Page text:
Fuel atomization in diesel engines differs from your average "el-cheapo" garden variety GDI engine, e.g., my 2018 Hyundai 2.4L Theta II mill. GDI engines are terrible when running rich. Some manufacturers added port injectors to the intake manifold to remedy the situation.
On a D60 you have to replace the EGR cooler every half a million miles or so, depending on a few factors. It can be cleaned, but it's not worth the effort as the cleaning is not as good as installing a new one.
Yes, EGR coolers are one thing to mention for sure. Same with EGR build-up in the intake ports and in the turbo. My buddy's 6.0L PSD killed multiple EGR coolers (he was running a tune) and when he pulled the first one off, the intake was filthy. Cleaned it up and he eventually deleted the EGR, which made a big difference on fuel economy (picked up an instant 2mpg) and how long the oil stayed clean.
We have one completely pre-emissions diesel still in our fleet at work and it is universally less problematic than the EGR engines. The most problematic is actually the 2nd newest, IIRC, the truck is a 2011 Freightliner with a Cummins ISL in it, which is pre-UREA and has had many intake/exhaust related issues like turbo failure, EGR blocking, and associated equipment and other weirdness. The newest is a '19 Kenworth that's been problem-free so far, the oldest is a 2000 Freightliner with a non-emissions kitty-CAT that's been bomb-proof. We also have a like 2008? Freightliner with a Mercedes, and it's been mostly good, no DPF IIRC, not sure if it has EGR or not.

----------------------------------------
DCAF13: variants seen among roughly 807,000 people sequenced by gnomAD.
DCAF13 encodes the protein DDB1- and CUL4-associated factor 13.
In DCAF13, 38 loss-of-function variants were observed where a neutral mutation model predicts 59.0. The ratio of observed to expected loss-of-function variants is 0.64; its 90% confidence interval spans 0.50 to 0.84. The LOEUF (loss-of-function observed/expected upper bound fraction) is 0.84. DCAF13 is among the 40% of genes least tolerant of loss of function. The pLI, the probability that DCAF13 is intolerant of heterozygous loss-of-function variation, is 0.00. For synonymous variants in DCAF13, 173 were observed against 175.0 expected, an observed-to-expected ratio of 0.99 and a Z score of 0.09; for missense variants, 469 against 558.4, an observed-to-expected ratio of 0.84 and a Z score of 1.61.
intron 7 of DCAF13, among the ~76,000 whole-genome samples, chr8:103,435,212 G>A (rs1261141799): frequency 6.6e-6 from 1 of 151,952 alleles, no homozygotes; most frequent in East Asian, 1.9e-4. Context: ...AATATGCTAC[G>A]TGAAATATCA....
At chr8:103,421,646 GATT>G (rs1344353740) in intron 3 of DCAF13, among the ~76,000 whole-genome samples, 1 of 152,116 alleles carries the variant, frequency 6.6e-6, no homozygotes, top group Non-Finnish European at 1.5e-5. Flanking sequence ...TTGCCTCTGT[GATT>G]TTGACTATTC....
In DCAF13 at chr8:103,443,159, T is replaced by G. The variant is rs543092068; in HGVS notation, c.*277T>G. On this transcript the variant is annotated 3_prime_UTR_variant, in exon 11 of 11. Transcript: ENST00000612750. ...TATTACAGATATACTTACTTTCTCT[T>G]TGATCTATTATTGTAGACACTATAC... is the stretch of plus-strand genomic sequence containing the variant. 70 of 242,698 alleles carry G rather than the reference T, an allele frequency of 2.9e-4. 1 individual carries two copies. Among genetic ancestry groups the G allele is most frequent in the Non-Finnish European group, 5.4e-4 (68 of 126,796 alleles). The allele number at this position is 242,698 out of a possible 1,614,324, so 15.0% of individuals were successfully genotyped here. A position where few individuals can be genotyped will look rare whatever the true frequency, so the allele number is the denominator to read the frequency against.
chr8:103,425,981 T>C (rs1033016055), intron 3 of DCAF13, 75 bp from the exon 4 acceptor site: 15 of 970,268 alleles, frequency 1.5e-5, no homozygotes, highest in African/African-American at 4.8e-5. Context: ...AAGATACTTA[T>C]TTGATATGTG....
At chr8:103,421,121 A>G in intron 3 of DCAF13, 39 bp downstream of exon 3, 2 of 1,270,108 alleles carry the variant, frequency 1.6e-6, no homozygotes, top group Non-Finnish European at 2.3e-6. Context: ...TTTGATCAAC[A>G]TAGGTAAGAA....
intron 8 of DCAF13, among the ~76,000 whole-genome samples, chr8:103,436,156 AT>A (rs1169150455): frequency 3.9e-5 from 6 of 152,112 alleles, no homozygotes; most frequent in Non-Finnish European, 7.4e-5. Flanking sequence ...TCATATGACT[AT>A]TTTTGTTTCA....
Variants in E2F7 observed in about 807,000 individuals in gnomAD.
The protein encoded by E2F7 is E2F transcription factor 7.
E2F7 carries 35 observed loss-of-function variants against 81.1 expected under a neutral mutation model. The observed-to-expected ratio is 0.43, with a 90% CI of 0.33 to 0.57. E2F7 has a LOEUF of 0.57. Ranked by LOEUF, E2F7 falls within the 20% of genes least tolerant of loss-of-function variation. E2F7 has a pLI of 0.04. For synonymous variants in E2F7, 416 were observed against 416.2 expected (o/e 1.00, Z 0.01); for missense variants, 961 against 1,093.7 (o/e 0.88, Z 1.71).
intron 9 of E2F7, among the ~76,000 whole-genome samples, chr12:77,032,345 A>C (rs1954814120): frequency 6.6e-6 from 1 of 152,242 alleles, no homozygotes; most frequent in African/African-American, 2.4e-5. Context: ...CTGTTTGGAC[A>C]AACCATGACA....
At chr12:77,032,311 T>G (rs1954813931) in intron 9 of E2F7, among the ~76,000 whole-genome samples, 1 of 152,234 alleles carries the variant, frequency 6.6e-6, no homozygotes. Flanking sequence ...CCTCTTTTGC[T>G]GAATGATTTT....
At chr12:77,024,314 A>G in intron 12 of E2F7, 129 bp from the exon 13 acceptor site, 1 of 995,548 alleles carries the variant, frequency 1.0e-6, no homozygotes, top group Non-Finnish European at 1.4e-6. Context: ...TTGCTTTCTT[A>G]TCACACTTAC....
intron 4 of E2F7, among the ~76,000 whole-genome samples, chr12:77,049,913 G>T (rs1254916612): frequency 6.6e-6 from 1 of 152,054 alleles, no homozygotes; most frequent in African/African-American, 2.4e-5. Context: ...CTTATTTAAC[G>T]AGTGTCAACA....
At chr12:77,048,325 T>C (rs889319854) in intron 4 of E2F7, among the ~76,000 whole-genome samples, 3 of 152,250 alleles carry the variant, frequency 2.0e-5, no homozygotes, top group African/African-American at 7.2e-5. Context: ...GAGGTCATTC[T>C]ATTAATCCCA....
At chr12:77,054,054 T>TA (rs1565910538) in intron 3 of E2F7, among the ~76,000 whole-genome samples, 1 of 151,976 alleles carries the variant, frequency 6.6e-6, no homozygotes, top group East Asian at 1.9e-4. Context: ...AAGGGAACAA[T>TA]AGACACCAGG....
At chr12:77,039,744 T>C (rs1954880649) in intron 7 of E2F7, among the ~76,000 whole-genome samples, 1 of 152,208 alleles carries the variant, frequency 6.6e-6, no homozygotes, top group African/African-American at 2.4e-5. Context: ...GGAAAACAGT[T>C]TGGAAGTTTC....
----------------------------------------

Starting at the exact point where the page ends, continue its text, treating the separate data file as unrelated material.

Sample sizes of 1 I know, but my buddy that used to wrench on busses and now manages a fleet of 150 of them (he owned the PSD) says that universally, the pre-emissions diesels were less problematic and got better fuel mileage and EGR was the biggest PITA with them, particularly when the companies were trying to avoid DEF/UREA and so experimenting with EGR things. CAT's ACERT was an interesting approach there.